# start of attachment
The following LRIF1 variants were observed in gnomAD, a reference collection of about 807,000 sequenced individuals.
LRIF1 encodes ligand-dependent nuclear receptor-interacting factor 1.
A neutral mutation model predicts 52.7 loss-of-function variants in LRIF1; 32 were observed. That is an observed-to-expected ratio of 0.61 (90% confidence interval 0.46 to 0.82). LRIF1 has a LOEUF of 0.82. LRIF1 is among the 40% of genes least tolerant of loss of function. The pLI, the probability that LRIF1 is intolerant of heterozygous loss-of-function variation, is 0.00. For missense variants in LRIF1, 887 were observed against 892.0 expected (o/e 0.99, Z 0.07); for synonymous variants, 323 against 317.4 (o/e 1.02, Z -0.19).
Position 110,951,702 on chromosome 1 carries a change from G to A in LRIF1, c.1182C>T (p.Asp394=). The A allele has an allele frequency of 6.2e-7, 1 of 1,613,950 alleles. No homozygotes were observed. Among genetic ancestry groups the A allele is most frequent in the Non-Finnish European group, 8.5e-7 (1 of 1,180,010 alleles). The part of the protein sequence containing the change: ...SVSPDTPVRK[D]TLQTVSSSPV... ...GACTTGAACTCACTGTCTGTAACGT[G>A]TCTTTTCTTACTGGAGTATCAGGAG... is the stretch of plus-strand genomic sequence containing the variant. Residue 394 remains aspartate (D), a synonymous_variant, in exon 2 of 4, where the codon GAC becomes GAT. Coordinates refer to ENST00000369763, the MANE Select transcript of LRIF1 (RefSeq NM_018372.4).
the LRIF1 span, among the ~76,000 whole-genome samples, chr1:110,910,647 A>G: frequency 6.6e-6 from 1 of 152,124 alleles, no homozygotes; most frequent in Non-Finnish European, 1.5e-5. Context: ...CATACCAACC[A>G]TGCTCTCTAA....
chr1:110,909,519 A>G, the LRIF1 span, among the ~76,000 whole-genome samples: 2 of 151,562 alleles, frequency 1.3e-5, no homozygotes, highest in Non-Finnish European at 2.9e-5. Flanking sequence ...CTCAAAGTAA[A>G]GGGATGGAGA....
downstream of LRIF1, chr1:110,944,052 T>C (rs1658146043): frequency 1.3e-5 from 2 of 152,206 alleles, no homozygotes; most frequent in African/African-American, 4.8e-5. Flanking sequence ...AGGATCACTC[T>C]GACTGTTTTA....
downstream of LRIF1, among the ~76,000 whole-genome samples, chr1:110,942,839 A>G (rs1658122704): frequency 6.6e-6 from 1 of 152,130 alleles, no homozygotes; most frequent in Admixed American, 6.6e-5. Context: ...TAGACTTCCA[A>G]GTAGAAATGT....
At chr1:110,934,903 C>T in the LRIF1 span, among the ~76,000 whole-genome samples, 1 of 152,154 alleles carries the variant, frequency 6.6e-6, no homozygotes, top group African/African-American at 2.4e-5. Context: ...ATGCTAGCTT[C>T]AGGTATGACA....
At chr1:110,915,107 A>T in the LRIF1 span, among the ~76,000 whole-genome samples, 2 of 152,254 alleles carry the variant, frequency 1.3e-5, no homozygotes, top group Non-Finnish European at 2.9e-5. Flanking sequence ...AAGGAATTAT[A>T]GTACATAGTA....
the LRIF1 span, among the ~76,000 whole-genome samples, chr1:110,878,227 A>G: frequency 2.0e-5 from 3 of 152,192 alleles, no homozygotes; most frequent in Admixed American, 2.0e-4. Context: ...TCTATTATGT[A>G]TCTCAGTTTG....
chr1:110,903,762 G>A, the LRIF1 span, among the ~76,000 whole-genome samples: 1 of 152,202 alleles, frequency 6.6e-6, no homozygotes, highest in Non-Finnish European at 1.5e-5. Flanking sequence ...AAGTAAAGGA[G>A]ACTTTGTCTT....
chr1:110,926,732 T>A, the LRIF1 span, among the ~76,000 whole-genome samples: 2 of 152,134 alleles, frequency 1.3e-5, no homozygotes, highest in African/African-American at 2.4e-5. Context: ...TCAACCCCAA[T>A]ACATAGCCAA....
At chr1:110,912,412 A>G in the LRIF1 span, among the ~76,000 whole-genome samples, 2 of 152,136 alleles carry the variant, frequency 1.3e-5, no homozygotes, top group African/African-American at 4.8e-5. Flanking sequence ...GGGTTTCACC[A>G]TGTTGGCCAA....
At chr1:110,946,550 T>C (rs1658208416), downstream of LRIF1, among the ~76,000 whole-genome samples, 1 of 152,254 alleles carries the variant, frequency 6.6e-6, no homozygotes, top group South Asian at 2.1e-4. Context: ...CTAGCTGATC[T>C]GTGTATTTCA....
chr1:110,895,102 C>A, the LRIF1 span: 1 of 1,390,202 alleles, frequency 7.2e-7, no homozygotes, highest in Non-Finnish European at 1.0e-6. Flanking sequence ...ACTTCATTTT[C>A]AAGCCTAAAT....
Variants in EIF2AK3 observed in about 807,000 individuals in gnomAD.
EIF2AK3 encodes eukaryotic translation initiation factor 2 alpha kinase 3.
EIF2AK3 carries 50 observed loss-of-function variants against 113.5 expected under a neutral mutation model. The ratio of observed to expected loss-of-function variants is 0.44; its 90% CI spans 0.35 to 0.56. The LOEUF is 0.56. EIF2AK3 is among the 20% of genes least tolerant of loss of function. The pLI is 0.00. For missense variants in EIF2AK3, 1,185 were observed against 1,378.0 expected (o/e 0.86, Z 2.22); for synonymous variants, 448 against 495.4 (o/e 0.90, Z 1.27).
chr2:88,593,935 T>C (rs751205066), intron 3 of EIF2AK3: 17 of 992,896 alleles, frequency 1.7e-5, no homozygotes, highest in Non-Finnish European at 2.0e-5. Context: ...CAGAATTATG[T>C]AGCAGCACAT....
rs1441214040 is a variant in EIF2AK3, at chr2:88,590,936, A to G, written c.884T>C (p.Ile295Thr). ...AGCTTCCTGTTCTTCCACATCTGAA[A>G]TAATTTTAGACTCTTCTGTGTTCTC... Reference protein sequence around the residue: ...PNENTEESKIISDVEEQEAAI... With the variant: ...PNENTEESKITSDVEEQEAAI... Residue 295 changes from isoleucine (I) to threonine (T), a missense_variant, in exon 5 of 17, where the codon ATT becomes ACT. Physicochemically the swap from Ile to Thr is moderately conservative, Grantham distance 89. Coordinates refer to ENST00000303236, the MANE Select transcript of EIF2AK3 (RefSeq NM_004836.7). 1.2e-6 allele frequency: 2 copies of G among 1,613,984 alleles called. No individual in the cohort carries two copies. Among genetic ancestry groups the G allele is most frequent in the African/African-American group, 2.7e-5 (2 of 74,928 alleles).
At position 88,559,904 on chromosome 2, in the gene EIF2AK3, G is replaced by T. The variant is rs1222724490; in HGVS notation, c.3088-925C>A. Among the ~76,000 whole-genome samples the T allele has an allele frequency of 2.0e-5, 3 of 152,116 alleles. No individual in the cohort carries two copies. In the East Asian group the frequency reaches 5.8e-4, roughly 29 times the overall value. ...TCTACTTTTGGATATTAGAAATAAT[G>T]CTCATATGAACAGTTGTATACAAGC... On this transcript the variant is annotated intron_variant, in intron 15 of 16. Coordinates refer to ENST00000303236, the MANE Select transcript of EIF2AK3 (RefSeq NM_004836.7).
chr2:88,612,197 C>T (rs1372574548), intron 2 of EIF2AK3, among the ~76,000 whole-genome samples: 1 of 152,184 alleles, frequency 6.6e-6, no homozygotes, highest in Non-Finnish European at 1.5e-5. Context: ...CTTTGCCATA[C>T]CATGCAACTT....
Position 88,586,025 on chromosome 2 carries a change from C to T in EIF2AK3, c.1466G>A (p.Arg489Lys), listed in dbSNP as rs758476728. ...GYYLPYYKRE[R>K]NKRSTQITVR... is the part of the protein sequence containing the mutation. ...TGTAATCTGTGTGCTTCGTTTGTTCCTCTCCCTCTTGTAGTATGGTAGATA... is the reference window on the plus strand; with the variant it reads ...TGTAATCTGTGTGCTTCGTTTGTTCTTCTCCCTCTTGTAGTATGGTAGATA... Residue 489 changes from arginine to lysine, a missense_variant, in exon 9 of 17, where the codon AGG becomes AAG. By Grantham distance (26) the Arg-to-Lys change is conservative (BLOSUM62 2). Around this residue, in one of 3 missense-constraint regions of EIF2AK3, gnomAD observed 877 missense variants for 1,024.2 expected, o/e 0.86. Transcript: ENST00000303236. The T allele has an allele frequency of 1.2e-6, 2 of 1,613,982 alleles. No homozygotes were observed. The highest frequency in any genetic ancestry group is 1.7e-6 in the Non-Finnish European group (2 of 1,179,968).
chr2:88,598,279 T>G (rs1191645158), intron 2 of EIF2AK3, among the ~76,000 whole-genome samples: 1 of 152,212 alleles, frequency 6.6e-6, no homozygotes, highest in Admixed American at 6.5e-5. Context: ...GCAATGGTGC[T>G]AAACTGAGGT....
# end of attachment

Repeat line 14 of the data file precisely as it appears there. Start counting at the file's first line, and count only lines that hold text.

At chr1:110,912,412 A>G in the LRIF1 span, among the ~76,000 whole-genome samples, 2 of 152,136 alleles carry the variant, frequency 1.3e-5, no homozygotes, top group African/African-American at 4.8e-5. Flanking sequence ...GGGTTTCACC[A>G]TGTTGGCCAA....